So begins Temenuga Trifonova‘s provocative novel TOURIST, which tells the story of Jack Sturrett, a book reviewer for a London literary magazine. Dissatisfied with his job, he makes an impulsive decision to leave the city without informing anyone of his departure. He boards a bus which takes him to a small town up north where he gets a job as a tourist guide after becoming so widely read in the town”s history that he passes for a local. Outside work he maintains the identity of a tourist, living in hotels and constantly reinventing his back-story. As his fake local persona becomes threateningly real, he finds himself a suspect in a murder investigation.
This is one novel you dare not miss.
This will be the book’s first publication in English, with a sublime and inspired translation by the great Doug Skinner. In addition to the complete text of the original Flammarion edition, published in France in 1893, it will include several uncollected stories by Allais. There will also be Skinner’s copious notes on each text, and an informative and entertaining introduction. Throw in this eye-catching cover by Norman Conquest and you’ve got an edition worthy of display in your home or office.
Publication: Late Summer, 2018
And while you’re waiting, be sure to read Alphonse Allais’s LONG LIVE LIFE!
ABOUT THE AUTHOR
ALPHONSE ALLAIS (1854 – 1905) began his career in Paris during the Belle Epoque. He was particularly active at the legendary cabaret Le Chat Noir, where he wrote for and edited the weekly paper. He quickly became known for his deadpan wit and inexhaustible imagination. Among other things, he also exhibited some of the first monochromatic pictures (such as his all-white “First Communion of Chlorotic Girls in the Snow” in 1883) and composed the first silent piece of music: “Funeral March for the Obsequies of a Deaf Man” (1884). Throughout most of his life, he contributed columns several times a week to Le Journal and Le Sourire. These pieces were collected into twelve volumes, which he called his “Anthumous Works,” between 1892 and 1902. He also published a collection of his monochromes, Album Primo-Avrilesque, in 1897, and a novel, L’affaire Blaireau, in 1899, as well as a few plays. His later years were troubled by debt, a bad marriage, and heavy drinking; he died at 59. He was a crucial influence on Alfred Jarry, as well as on the Surrealists: Breton included him in his Anthology of Black Humor, and Duchamp was reading him on the day he died. Allais’s fascination with wordplay, puns, and holorhymes led Oulipo to call him an “anticipatory plagiarist”; the Pataphysical College dubbed him their “Patacessor.” His books have remained in print in France, and the Académie Alphonse Allais has awarded a literary prize in his honor since 1954.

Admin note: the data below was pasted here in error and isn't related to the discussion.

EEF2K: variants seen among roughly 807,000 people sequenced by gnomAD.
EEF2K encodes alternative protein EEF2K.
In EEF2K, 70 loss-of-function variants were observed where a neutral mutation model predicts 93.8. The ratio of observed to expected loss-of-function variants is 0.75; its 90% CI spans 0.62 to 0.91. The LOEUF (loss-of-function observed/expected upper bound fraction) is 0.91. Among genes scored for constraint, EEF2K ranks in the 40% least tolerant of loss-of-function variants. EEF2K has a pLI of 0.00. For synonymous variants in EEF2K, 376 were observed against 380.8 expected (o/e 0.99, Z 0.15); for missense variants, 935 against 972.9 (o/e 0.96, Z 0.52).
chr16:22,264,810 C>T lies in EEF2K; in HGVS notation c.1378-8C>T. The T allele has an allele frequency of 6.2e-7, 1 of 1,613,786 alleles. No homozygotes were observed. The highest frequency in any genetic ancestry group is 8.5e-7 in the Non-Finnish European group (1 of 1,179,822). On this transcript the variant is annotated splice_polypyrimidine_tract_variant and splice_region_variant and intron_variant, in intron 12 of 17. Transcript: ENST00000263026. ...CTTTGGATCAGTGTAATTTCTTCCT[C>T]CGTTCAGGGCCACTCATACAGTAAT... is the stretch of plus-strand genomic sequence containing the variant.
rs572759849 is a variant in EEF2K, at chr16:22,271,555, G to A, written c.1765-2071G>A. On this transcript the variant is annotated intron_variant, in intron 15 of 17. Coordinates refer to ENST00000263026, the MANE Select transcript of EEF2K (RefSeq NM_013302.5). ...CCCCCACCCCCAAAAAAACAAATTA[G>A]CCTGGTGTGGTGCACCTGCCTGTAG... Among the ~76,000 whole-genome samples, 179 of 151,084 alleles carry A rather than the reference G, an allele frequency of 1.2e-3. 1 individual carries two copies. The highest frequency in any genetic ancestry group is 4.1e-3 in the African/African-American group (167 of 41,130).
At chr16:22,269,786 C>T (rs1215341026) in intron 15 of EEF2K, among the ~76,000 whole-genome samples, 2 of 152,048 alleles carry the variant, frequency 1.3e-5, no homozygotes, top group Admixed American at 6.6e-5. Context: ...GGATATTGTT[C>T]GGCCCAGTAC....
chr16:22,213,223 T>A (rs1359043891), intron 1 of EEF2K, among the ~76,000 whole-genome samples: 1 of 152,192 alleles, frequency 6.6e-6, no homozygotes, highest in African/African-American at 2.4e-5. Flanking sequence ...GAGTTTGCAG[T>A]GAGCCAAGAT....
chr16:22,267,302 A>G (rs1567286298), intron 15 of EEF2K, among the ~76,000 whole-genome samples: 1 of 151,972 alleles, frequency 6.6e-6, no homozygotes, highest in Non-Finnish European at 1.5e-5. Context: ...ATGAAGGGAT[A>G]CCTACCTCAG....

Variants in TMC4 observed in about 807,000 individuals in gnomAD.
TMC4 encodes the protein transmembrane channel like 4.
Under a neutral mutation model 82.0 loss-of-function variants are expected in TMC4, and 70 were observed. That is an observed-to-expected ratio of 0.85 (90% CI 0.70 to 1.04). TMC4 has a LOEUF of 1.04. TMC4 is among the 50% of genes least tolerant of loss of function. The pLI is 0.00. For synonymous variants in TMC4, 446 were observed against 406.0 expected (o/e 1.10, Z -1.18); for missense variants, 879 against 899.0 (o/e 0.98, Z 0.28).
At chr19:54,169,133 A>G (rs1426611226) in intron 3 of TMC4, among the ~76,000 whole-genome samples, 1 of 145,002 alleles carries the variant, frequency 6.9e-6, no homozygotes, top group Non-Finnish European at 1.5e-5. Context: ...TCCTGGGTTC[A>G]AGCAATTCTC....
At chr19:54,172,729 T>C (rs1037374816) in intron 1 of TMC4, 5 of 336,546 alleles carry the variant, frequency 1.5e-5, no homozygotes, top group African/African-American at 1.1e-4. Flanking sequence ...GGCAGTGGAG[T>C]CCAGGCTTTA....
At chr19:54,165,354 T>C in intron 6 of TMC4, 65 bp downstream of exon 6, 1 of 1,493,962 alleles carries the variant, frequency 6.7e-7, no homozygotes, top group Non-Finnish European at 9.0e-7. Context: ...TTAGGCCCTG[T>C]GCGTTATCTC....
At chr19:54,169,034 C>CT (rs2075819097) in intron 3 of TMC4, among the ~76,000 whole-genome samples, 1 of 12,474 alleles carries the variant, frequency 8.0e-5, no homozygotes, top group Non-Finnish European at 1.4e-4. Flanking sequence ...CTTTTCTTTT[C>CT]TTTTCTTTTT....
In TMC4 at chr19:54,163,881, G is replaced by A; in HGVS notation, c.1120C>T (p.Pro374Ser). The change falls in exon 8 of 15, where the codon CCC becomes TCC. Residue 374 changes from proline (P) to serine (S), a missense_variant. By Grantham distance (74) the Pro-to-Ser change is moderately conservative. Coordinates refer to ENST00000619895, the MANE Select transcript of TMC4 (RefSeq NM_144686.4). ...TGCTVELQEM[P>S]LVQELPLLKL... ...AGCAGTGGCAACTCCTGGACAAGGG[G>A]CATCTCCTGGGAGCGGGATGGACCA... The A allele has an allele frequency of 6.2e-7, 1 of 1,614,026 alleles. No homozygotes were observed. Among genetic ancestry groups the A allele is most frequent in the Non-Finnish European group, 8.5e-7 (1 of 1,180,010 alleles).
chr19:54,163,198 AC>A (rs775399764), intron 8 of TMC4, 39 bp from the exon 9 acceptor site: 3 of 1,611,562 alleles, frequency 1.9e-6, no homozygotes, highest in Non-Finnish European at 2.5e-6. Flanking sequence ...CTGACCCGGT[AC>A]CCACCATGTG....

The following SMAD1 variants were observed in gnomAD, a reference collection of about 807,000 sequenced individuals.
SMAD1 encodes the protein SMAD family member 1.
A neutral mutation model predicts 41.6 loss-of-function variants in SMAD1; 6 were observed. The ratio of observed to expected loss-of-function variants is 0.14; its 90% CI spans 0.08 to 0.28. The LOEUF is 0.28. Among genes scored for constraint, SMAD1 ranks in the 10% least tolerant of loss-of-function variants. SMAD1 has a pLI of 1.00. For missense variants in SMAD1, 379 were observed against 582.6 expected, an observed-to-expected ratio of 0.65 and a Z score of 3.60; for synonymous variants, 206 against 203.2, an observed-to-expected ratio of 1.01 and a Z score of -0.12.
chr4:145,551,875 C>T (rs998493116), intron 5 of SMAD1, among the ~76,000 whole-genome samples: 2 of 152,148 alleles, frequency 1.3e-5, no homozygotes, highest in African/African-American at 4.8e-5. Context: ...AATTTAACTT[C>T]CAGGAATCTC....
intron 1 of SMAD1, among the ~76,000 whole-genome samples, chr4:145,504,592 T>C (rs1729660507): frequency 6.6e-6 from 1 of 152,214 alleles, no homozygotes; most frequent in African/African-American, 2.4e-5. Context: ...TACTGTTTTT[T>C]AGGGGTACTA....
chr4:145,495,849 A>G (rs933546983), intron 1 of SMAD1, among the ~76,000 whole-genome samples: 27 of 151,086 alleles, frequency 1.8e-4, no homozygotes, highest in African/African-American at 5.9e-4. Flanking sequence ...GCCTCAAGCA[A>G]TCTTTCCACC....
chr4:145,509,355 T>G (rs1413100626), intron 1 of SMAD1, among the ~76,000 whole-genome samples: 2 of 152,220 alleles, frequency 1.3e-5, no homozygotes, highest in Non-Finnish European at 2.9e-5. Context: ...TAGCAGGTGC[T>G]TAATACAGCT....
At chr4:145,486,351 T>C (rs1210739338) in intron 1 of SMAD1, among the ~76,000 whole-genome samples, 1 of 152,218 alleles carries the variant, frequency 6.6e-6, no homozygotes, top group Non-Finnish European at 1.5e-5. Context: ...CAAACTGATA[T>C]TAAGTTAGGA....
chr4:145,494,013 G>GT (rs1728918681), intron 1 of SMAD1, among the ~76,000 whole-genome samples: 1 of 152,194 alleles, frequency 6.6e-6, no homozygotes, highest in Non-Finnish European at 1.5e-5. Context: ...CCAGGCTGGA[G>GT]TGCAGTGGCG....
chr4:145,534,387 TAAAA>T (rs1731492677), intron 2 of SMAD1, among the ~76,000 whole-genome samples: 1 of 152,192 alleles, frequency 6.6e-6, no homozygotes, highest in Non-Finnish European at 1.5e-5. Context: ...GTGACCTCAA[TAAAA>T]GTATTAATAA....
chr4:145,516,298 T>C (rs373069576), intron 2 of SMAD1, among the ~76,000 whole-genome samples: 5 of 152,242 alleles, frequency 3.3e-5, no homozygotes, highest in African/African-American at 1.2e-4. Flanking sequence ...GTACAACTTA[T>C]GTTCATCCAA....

Ten Cinematic Riffs
by Carla M. Wilson
with an introduction by
James R. Hugunin
c o m i n g s o o n
Looking ahead (no pun intended) to April, it’s going to be a Scatastic month. Back in 2013, we issued a little limited edition chapbook titled HOW I BECAME AN IDIOT by Francisque Sarcey. It was actually written by the brilliant French humorist Alphonse Allais, who signed Sarcey’s name to a series of columns that appeared in the bohemian journal Le Chat Noir. Sarcey, a well-known drama critic, became the butt of jokes among the literati for his stodgy, conservative views (e.g., he blasted Alfred Jarry‘s absurdist classic UBU ROI).
Our limited edition sold out quickly, but it was just a sampler. Now Doug Skinner has compiled and translated all the columns in a delicious 200+ paged trade paperback edition: I AM SARCEY.
These texts reveal Allais at his wicked best and the book is a must-have for fans of hilarious black humor. This volume marks the seventh title in our Alphonse Allais Collection, and our resident Allais scholar, Doug Skinner, provides a sublime introduction and notes on each text.
Only an idiot would pass up I AM SARCEY when it rolls off the press on April 1st.
Also on tap is a special (redesigned) April Fools Issue of LE SCAT NOIR. You can download a copy on our web site (BlackScatBooks.net) on April 1st for FREE.
Mark your calendars.